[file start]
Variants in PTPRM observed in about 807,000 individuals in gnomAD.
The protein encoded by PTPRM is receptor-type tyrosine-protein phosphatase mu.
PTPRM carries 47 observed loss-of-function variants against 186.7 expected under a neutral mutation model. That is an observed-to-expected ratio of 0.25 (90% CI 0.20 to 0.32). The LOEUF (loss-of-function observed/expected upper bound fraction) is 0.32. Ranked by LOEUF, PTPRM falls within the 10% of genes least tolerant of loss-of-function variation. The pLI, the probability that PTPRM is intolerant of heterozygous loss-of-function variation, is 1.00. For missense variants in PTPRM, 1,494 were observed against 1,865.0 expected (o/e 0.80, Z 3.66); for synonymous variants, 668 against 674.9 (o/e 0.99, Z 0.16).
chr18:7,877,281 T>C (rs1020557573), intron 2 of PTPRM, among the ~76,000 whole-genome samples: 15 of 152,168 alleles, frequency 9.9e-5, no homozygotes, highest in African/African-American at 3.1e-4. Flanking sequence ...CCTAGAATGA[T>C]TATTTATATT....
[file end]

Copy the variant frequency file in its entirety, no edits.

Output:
Variants in PTPRM observed in about 807,000 individuals in gnomAD.
The protein encoded by PTPRM is receptor-type tyrosine-protein phosphatase mu.
PTPRM carries 47 observed loss-of-function variants against 186.7 expected under a neutral mutation model. That is an observed-to-expected ratio of 0.25 (90% CI 0.20 to 0.32). The LOEUF (loss-of-function observed/expected upper bound fraction) is 0.32. Ranked by LOEUF, PTPRM falls within the 10% of genes least tolerant of loss-of-function variation. The pLI, the probability that PTPRM is intolerant of heterozygous loss-of-function variation, is 1.00. For missense variants in PTPRM, 1,494 were observed against 1,865.0 expected (o/e 0.80, Z 3.66); for synonymous variants, 668 against 674.9 (o/e 0.99, Z 0.16).
chr18:7,877,281 T>C (rs1020557573), intron 2 of PTPRM, among the ~76,000 whole-genome samples: 15 of 152,168 alleles, frequency 9.9e-5, no homozygotes, highest in African/African-American at 3.1e-4. Flanking sequence ...CCTAGAATGA[T>C]TATTTATATT....